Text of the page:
Rotation matrix (nxn).

1. Jul 30, 2008

MathematicalPhysicist

I know how the rotation matrix looks like in the 2x2 and 3x3 orders, but how does it look in general?

2. Jul 30, 2008

HallsofIvy

I know that, in 2 dimensions, a rotation about (0,0) by angle $\theta$ can be represented as a matrix by
$$\left[\begin{array}{cc}cos(\theta) & -sin(\theta) \\ sin(\theta) & cos(\theta)\end{array}\right]$$
but what are you saying a rotation in 3 dimensions looks like?

Any matrix with determinant 1 can represent a rotation.

3. Jul 30, 2008

maze

Think of a rotation as taking the x,y,z,w,... axes, and rotating them around to a new set of axes x2,y2,z2,w2,... If you take the unit vectors in the representing of the new axes, and put them in the columns of a matrix in their respective order, then that matrix you get will be the rotation matrix.

In R2, you may notice that the vector (cos(theta),sin(theta)) and (-sin(theta),cos(theta)) are perpendicular unit vectors rotated theta degrees from the original (1,0) and (0,1) vectors.

4. Jul 30, 2008

Peeter

If you are looking for a R^N rotation in a plane, rotating the components of a vector that lies in the plane and leaving the "perpendicular" components (ie: components in all normal directions) untouched, then this can be expressed with the following geometric-algebra/clifford-product expansion:

$$R(x) = e^{-i\theta/2} x e^{i\theta/2} = x \cos^2(\theta/2) - i x i \sin^2(\theta/2) + 2 \cos(\theta/2) \sin(\theta/2) x \cdot i$$

Here the unit bivector i is formed by the product of two non-colinear vectors n_k in the plane:

$$i=\frac{n_1 \wedge n_2}{\lvert n_1 \wedge n_2 \rvert}.$$

It's a bit messy, but you can calculate the rotation matrix from this if you really wanted to (with an orthonormal basis basis e_i and calculation of R(e_i) \cdot e_j gives the matrix).

5. Jul 30, 2008

Peeter

another way to look at this is, just like so:

$$R(x) = x_{\perp} + x_{\parallel}\left( cos\theta + i\sin\theta\right)$$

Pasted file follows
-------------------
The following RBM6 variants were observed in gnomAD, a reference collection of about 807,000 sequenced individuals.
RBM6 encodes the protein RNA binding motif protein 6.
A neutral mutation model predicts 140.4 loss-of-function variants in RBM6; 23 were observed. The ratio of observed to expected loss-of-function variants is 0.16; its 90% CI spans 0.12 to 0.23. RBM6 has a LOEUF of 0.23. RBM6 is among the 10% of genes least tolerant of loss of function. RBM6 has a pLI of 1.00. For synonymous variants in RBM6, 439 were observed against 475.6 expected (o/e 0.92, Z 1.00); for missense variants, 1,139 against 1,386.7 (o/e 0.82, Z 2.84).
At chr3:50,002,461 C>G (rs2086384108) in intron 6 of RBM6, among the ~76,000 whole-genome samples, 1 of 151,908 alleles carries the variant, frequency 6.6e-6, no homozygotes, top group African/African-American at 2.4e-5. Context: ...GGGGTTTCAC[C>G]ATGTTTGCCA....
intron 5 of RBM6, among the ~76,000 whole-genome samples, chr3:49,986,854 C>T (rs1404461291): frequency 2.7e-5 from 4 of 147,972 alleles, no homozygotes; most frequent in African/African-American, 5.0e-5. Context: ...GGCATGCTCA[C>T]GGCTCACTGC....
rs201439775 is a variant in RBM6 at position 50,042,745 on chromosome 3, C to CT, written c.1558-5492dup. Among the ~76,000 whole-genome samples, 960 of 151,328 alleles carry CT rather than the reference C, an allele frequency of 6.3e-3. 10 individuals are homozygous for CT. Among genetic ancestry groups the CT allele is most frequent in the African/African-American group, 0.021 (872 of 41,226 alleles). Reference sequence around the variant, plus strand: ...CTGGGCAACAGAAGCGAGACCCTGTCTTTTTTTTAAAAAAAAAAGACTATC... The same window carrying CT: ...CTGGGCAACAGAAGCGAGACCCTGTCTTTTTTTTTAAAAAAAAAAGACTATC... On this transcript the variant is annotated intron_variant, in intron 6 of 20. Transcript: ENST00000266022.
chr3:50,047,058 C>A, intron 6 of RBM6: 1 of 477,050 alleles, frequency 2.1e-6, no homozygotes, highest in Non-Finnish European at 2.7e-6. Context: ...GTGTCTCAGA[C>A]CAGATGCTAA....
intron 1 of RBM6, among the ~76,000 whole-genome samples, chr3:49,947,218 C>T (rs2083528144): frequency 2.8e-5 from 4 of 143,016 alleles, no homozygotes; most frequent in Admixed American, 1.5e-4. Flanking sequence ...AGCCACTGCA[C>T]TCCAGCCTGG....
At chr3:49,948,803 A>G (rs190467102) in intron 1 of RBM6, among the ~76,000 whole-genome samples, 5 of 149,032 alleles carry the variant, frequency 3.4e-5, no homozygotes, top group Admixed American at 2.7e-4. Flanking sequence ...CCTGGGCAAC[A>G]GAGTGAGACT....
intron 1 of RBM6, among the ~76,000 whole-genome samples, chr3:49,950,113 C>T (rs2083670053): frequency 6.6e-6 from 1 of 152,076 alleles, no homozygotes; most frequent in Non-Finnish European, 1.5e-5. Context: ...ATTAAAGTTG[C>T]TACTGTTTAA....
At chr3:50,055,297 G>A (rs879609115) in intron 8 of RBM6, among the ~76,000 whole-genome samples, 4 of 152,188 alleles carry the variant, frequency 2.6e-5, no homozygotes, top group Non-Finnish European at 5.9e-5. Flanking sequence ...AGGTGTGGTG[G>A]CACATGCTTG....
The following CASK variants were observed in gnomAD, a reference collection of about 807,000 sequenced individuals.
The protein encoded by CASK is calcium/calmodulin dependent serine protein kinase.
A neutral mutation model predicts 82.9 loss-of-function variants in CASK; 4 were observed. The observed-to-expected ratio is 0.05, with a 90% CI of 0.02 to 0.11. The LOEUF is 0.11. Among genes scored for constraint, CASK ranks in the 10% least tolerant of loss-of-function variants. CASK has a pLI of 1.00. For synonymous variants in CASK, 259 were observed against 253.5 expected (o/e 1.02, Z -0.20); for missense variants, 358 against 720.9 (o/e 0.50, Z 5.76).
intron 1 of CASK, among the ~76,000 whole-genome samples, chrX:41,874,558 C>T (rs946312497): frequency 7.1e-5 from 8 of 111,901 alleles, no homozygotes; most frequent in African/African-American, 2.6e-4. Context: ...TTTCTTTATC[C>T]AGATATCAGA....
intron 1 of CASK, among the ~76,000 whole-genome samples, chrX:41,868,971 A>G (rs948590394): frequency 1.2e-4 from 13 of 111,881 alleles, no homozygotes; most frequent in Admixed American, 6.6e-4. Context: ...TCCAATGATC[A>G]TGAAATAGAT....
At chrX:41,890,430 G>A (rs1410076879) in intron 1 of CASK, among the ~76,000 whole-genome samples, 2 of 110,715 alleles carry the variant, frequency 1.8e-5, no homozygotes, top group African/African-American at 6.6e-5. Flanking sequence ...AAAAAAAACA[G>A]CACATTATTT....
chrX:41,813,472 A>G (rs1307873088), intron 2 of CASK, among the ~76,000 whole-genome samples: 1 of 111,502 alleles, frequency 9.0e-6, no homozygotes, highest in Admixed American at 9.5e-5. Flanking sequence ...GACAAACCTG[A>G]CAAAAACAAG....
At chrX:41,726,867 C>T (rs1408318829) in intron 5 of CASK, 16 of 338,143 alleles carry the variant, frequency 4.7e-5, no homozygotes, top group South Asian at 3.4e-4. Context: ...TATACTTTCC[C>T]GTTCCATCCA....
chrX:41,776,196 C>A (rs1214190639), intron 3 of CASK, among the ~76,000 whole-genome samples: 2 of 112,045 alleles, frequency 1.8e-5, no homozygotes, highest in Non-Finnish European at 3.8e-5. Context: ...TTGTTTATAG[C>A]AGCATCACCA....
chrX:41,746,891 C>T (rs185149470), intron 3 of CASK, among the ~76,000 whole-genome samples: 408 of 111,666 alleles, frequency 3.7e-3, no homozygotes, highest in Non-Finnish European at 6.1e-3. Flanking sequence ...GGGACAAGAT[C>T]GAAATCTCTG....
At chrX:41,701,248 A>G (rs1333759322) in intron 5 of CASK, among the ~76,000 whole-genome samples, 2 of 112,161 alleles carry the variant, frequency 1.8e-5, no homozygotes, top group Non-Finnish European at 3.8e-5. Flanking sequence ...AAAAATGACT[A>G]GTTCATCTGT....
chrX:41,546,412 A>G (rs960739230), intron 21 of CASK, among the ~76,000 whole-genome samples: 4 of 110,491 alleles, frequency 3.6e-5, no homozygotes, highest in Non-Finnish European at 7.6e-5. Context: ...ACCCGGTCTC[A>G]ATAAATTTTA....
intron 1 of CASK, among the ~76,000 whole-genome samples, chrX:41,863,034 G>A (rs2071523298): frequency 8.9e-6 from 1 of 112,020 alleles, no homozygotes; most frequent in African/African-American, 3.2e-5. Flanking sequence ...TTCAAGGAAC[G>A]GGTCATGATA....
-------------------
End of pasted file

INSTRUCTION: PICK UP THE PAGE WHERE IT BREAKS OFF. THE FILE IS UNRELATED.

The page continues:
where $x_{\perp}$ is the component not in the plane of rotation, $x_{\parallel}$ is the component in the plane of rotation, and $x_{\parallel} i$ is a 90 degree rotation in the desired sense of the component of the vector in the plane. Then given any way you are comfortable with (ie: projection and rejection matrixes P, and (I-P)) for finding the components of the vector in and out of the plane, you can use that to compute the rotation matrix.

6. Jul 30, 2008

mathwonk

i think a rotation is an orthogonal matrix with determinant one?

so there is some basis in which the matrix looks like a bunch of 1's on the diagonal, and then a bunch of 2 by 2 matrices representing plane rotations.

7. Jul 31, 2008

MathematicalPhysicist

Yes, thanks mathwonk I also got this answer after solving a question from Gullimin and Pollack:" if k is odd then f:S^k->S^k f(x)=-x is homotpic to the identity function".

The homotopy is a sort of rotation matrix times x, where the arguement is (pi*t), so if k is odd we can find a rotation matrix (k+1)x(k+1) (k+1 is even) which consists of orthogonal matrices on the diagonal representing plane rotations.

P.S
You got to love geometry! (-:

8. Jul 31, 2008

maze

So that raises an interesting question - what is the minimum number of sequential plane rotations required to represent a general rotation in Rn?

In R2, its just 1. In R3 its 2 since you rotate xhat to xhat', and then roll around xhat'. What about higher dimensions?

9. Jul 31, 2008

Ben Niehoff

Every plane rotation can be factored into two reflections. It might be easier to think in terms of reflections.

There's a really elegant derivation of this (i.e., the number of plane rotations needed to give a general rotation) in The Road to Reality using Clifford algebras, but I forget it.

10. Aug 1, 2008

MathematicalPhysicist

well if we have R^n where n is odd, then there must be 1 in the diagonal of the matrix, while in an even n we can handle without it (if we want).